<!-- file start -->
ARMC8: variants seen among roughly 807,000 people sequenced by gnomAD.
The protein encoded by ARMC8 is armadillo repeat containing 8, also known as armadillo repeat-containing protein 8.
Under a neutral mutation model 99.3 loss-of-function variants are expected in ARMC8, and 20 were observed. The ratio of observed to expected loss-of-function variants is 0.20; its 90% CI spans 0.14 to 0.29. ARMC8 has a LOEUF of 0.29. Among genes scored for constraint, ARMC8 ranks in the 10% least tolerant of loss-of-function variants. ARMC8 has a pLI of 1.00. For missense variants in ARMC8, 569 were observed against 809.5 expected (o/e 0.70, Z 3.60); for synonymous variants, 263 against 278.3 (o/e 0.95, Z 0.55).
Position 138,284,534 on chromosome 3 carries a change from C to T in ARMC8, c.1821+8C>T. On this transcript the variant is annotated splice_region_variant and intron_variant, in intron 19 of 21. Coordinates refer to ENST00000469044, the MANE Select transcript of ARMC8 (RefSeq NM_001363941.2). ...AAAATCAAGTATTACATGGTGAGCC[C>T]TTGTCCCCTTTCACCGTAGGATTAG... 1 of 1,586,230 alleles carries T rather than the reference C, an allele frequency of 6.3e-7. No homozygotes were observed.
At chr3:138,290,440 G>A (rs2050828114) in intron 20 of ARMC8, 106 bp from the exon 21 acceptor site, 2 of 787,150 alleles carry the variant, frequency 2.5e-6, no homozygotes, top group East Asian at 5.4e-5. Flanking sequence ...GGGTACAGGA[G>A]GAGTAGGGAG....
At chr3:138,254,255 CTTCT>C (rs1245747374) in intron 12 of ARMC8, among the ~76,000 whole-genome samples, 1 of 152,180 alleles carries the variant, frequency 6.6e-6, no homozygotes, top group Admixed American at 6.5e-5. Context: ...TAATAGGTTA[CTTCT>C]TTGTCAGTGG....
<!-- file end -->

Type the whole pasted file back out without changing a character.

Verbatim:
ARMC8: variants seen among roughly 807,000 people sequenced by gnomAD.
The protein encoded by ARMC8 is armadillo repeat containing 8, also known as armadillo repeat-containing protein 8.
Under a neutral mutation model 99.3 loss-of-function variants are expected in ARMC8, and 20 were observed. The ratio of observed to expected loss-of-function variants is 0.20; its 90% CI spans 0.14 to 0.29. ARMC8 has a LOEUF of 0.29. Among genes scored for constraint, ARMC8 ranks in the 10% least tolerant of loss-of-function variants. ARMC8 has a pLI of 1.00. For missense variants in ARMC8, 569 were observed against 809.5 expected (o/e 0.70, Z 3.60); for synonymous variants, 263 against 278.3 (o/e 0.95, Z 0.55).
Position 138,284,534 on chromosome 3 carries a change from C to T in ARMC8, c.1821+8C>T. On this transcript the variant is annotated splice_region_variant and intron_variant, in intron 19 of 21. Coordinates refer to ENST00000469044, the MANE Select transcript of ARMC8 (RefSeq NM_001363941.2). ...AAAATCAAGTATTACATGGTGAGCC[C>T]TTGTCCCCTTTCACCGTAGGATTAG... 1 of 1,586,230 alleles carries T rather than the reference C, an allele frequency of 6.3e-7. No homozygotes were observed.
At chr3:138,290,440 G>A (rs2050828114) in intron 20 of ARMC8, 106 bp from the exon 21 acceptor site, 2 of 787,150 alleles carry the variant, frequency 2.5e-6, no homozygotes, top group East Asian at 5.4e-5. Flanking sequence ...GGGTACAGGA[G>A]GAGTAGGGAG....
At chr3:138,254,255 CTTCT>C (rs1245747374) in intron 12 of ARMC8, among the ~76,000 whole-genome samples, 1 of 152,180 alleles carries the variant, frequency 6.6e-6, no homozygotes, top group Admixed American at 6.5e-5. Context: ...TAATAGGTTA[CTTCT>C]TTGTCAGTGG....